William Edward Brown. A History of Seventeenth Century Russian Literature. Ann Arbor, Mich.: Ardis, 1980. 182 pp. Cloth $20.00; Paper $9.50.

William Edward Brown. A History of Seventeenth Century Russian Literature. Ann Arbor, Mich.:... of its sounds. On pages 128-29 he states: "Words, interlaced (or merely drawn together) by their sounds, approach each other and are interlaced, at least partly, by their meanings as w e l l . . . . Poetical language removes itself, both lexically and syntactically, from every- day speech. It returns to lantuage its original ... nature. It returns to words their mean- ings, which precede (although outside o f time) their individual concrete meanings, condi- tioned by context. In poetical language, these meanings are represented by various sounds; this explains why the sounds themselves take on meaning . . . . Poetical language can ne- ver be satisfied with mere denotation (oboznacheniem). In this respect it is related to music, and thus creates its own music." Poetry, he believes, is "another music" (p. 164) because it "is the music o f language, expressing the music of the senses in its . . . invariab- ly meaningful sounds" (p. 86). One questions the validity o f such statements. His lengthy discussion about music in poetry is n o t terribly convincing. Actually, his most tenable statement is found in an appendix: " O f course, music and http://www.deepdyve.com/assets/images/DeepDyve-Logo-lg.png Canadian-American Slavic Studies Brill

William Edward Brown. A History of Seventeenth Century Russian Literature. Ann Arbor, Mich.: Ardis, 1980. 182 pp. Cloth $20.00; Paper $9.50.

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Publisher
BRILL
Copyright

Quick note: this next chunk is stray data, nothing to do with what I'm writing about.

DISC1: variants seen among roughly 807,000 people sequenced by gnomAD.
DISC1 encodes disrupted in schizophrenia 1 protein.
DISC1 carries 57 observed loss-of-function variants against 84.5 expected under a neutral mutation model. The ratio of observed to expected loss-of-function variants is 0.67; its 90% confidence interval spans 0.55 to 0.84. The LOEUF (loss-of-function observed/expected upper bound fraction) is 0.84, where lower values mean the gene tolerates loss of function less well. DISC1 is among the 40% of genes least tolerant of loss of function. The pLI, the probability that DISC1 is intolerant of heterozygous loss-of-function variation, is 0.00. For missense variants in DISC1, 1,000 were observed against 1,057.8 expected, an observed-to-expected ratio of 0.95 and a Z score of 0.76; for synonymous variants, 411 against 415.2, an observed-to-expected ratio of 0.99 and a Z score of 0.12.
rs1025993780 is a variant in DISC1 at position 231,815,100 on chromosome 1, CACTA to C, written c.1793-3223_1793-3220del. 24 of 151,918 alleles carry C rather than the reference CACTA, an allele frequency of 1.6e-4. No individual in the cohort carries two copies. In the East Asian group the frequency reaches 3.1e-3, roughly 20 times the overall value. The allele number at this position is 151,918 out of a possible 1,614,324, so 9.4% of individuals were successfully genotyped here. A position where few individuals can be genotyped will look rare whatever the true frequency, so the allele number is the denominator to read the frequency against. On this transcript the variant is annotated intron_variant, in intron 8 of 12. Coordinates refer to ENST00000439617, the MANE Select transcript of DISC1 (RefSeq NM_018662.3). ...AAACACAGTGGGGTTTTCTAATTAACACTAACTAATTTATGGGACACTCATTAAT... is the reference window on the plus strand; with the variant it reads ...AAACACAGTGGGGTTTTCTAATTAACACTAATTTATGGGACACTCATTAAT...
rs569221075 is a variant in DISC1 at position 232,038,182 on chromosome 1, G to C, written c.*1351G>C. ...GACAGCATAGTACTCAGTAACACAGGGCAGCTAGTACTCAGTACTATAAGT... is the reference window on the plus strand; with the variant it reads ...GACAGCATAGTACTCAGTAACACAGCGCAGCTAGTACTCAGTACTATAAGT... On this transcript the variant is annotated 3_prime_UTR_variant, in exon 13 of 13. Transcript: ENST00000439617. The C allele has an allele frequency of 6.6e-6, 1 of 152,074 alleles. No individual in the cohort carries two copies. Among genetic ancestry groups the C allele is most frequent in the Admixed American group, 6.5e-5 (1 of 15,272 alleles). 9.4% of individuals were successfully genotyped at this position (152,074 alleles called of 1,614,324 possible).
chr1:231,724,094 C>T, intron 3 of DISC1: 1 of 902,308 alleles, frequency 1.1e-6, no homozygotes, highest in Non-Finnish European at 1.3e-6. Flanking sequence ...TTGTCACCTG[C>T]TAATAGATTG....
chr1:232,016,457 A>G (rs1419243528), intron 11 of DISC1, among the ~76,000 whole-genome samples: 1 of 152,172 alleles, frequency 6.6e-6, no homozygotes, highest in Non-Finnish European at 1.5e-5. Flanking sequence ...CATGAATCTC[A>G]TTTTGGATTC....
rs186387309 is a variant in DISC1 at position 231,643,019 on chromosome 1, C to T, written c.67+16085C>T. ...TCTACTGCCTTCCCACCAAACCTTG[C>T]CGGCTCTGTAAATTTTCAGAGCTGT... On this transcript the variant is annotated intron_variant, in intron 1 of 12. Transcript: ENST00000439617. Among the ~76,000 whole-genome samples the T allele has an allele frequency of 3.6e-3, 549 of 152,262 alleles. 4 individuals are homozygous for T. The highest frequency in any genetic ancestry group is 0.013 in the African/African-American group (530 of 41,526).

© 1982 Koninklijke Brill NV, Leiden, The Netherlands
ISSN
0090-8290
eISSN
2210-2396
D.O.I.
10.1163/221023982X00650
Publisher site
See Article on Publisher Site

Abstract

of its sounds. On pages 128-29 he states: "Words, interlaced (or merely drawn together) by their sounds, approach each other and are interlaced, at least partly, by their meanings as w e l l . . . . Poetical language removes itself, both lexically and syntactically, from every- day speech. It returns to lantuage its original ... nature. It returns to words their mean- ings, which precede (although outside o f time) their individual concrete meanings, condi- tioned by context. In poetical language, these meanings are represented by various sounds; this explains why the sounds themselves take on meaning . . . . Poetical language can ne- ver be satisfied with mere denotation (oboznacheniem). In this respect it is related to music, and thus creates its own music." Poetry, he believes, is "another music" (p. 164) because it "is the music o f language, expressing the music of the senses in its . . . invariab- ly meaningful sounds" (p. 86). One questions the validity o f such statements. His lengthy discussion about music in poetry is n o t terribly convincing. Actually, his most tenable statement is found in an appendix: " O f course, music and

Journal

Canadian-American Slavic StudiesBrill

Published: Jan 1, 1982

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